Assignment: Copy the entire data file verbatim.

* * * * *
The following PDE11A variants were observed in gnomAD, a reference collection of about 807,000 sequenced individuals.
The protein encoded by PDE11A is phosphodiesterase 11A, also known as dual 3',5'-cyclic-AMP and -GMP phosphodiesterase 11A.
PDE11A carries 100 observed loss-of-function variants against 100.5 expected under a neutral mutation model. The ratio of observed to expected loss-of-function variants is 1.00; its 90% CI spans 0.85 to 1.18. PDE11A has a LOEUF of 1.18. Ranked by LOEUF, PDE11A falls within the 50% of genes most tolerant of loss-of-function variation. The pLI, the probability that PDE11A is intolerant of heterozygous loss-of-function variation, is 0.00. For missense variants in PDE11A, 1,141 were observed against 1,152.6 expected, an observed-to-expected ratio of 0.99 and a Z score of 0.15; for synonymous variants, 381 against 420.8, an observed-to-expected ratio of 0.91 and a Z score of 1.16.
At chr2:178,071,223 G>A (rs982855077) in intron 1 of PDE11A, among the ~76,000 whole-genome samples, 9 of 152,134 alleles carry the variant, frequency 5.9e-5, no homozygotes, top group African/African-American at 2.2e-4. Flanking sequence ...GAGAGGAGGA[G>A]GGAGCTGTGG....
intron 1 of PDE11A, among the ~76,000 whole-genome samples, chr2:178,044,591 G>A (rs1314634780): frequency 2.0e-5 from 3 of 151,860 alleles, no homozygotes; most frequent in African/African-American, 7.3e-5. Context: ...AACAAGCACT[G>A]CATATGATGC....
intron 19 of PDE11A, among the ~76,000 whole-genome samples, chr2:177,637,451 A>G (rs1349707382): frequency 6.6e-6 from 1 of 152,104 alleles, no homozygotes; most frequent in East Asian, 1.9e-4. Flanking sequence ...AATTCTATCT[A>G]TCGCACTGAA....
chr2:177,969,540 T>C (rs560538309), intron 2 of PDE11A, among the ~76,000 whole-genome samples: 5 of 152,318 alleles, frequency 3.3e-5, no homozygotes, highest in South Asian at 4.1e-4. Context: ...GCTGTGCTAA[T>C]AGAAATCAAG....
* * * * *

The following PDE11A variants were observed in gnomAD, a reference collection of about 807,000 sequenced individuals.
The protein encoded by PDE11A is phosphodiesterase 11A, also known as dual 3',5'-cyclic-AMP and -GMP phosphodiesterase 11A.
PDE11A carries 100 observed loss-of-function variants against 100.5 expected under a neutral mutation model. The ratio of observed to expected loss-of-function variants is 1.00; its 90% CI spans 0.85 to 1.18. PDE11A has a LOEUF of 1.18. Ranked by LOEUF, PDE11A falls within the 50% of genes most tolerant of loss-of-function variation. The pLI, the probability that PDE11A is intolerant of heterozygous loss-of-function variation, is 0.00. For missense variants in PDE11A, 1,141 were observed against 1,152.6 expected, an observed-to-expected ratio of 0.99 and a Z score of 0.15; for synonymous variants, 381 against 420.8, an observed-to-expected ratio of 0.91 and a Z score of 1.16.
At chr2:178,071,223 G>A (rs982855077) in intron 1 of PDE11A, among the ~76,000 whole-genome samples, 9 of 152,134 alleles carry the variant, frequency 5.9e-5, no homozygotes, top group African/African-American at 2.2e-4. Flanking sequence ...GAGAGGAGGA[G>A]GGAGCTGTGG....
intron 1 of PDE11A, among the ~76,000 whole-genome samples, chr2:178,044,591 G>A (rs1314634780): frequency 2.0e-5 from 3 of 151,860 alleles, no homozygotes; most frequent in African/African-American, 7.3e-5. Context: ...AACAAGCACT[G>A]CATATGATGC....
intron 19 of PDE11A, among the ~76,000 whole-genome samples, chr2:177,637,451 A>G (rs1349707382): frequency 6.6e-6 from 1 of 152,104 alleles, no homozygotes; most frequent in East Asian, 1.9e-4. Flanking sequence ...AATTCTATCT[A>G]TCGCACTGAA....
chr2:177,969,540 T>C (rs560538309), intron 2 of PDE11A, among the ~76,000 whole-genome samples: 5 of 152,318 alleles, frequency 3.3e-5, no homozygotes, highest in South Asian at 4.1e-4. Context: ...GCTGTGCTAA[T>C]AGAAATCAAG....